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The menace next door: a dumb America

Hey, Politico: Terrorists from Minneapolis aren’t a Canadian threat.


 
Todd Korol/Reuters

Todd Korol/Reuters

 

The “Friday cover” on Politico is a decent indicator of the extent to which the United States has become a sentimental and unserious country. Written by Garrett M. Graff, a Harvard Crimson alum who in 2008 became the first blogger accredited to the White House, illustrated with a photo of Mounties at the Vimy Memorial — are they going to burn it down? — the luxuriously padded story asks, essentially, which of America’s neighbours it would be a good idea to fear today.

Rejecting Mexico — “Drug organizations have been very operational [sic] wary about entering into relationships that would facilitate terrorism,” Graff quotes a Rutgers prof in a burst of hasty transcription — he urges Americans to imagine the specter of hordes of Islamic State terrorists streaming across the border from Canada.

Before we demolish that argument, let’s linger along the Rio Grande for a minute longer. “The frenzied debate” over Mexican border security “has unwittingly exposed one of the strangest disconnects in post-9/11 American politics: … comparatively few of the U.S. border security resources are directed toward stopping terrorists from entering the United States. Instead, the billions of dollars… has almost entirely been aimed at stopping illegal immigration along the southern border.”

This could perhaps best be translated as: Why are you guys fixated on a steady stream of illegal immigrants and a Mexican drug war that has killed 10,000 people? I’m writing about terrorism here. The sort of person who genuinely wonders why everyone is talking about a vague and so-far-hypothetical Islamic State threat to the U.S. homeland while actually dedicating resources to real things that are actually happening all the time is — what’s the term I’m thinking of here — a writer of Politico think pieces.

Onward. Continuing on his search for a country to fear, Graff considers Canada, and discovers damning info. To wit:

MACLEANS_TERRORISM3

Well, it’s open and shut, isn’t it. Ahmed Ressam, who was (inconveniently for paranoiacs) caught while Bill Clinton was still the U.S. president, constitutes Graff’s best evidence of burgeoning mobs of beheading-positive commuters with Nexis cards.

Not that he doesn’t give it the college try. “There’s been plenty of terror-linked activity along the U.S. northern border already this year,” he writes. Cool! Where? “Two Minnesota men have been killed fighting for ISIL in Syria and Iraq, both of them part of the huge 30,000-strong Somali-American population that lives around the Twin Cities and is centered in Minneapolis’s Cedar-Riverside neighborhood.” Quick! To the Google Maps, where we discover that Cedar-Riverside is 542 miles from Sault St. Marie and 343 miles from Thunder Bay, where there are — I’m guessing here — fewer Somalis. And incidentally, being Somali doesn’t make you a murderer. And I can’t believe I’m even having to type this. God.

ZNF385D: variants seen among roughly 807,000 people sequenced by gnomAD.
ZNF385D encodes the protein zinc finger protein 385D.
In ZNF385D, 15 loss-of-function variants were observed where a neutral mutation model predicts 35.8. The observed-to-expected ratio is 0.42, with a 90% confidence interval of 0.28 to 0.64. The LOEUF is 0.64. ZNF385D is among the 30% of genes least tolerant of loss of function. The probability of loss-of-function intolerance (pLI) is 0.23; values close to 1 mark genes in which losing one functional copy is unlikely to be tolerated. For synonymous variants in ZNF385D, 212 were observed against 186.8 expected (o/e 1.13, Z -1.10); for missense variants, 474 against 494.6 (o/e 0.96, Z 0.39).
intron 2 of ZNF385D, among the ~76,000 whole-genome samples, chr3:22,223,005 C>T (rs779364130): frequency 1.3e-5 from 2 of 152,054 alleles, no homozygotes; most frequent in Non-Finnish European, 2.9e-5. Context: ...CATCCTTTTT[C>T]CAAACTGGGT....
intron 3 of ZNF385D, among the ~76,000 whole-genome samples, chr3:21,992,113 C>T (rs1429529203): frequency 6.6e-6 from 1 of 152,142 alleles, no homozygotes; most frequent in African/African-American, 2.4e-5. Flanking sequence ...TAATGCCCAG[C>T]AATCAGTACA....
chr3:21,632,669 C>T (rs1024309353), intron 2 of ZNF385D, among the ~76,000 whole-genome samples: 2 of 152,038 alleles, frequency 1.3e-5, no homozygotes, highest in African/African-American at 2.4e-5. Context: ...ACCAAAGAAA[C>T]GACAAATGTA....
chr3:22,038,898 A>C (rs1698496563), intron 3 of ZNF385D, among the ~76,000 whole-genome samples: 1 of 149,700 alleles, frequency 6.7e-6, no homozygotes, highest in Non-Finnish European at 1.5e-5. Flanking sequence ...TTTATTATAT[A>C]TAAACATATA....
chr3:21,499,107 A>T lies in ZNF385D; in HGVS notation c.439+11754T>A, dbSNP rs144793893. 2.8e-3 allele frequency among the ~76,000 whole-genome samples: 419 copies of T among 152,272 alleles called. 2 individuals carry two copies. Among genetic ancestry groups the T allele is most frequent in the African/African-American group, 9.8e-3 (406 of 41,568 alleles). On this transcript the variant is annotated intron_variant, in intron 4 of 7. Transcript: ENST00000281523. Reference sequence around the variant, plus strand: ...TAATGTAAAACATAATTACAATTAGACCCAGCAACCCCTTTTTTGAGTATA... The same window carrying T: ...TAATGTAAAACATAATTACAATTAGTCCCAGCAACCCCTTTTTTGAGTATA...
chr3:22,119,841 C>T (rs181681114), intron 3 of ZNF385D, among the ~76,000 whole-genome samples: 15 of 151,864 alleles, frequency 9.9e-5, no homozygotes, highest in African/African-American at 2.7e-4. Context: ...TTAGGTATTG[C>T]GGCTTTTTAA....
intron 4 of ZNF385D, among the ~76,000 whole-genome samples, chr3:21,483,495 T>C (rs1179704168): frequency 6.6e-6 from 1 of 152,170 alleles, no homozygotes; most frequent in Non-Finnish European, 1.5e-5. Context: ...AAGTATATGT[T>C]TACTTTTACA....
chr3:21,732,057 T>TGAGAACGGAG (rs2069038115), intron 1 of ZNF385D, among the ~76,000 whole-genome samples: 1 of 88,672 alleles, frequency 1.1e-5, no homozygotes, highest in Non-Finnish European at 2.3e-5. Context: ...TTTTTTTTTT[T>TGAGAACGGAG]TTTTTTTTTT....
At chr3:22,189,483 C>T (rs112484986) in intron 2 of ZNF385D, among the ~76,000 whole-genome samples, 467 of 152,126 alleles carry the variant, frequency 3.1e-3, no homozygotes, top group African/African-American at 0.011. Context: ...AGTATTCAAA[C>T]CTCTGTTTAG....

What else? “Also in September … federal prosecutors indicted a man in Rochester, N.Y.—across Lake Ontario from Toronto—for allegedly providing material support to ISIL.” Ah-ha! Who’s this guy? His name is Mufid Elfgeeh. He owns a food store in upstate New York. He’s lived there for years. On the American side. In the United States. Of America.

“U.S. officials aren’t taking the threat lightly,” Graff writes in the next sentence, and you know what? They shouldn’t. Because it’s an American threat. Anything else? John Candy made a movie about the border. You think I’m making this up. “It has been historically undefended and little policed—a fact so widely accepted that it served as the comedic device behind actor John Candy’s final movie, Canadian Bacon,” Graff writes. So you see the problem. If a bunch of jihadis from Minneapolis ever team up with a Rochester grocer to storm the border and then … you know … turn around and threaten America, there’ll be nothing but a dead Second City comic to stop them.

What else? Border security was super-lax before 2001, and since 9/11 it’s been increased only, um, tenfold.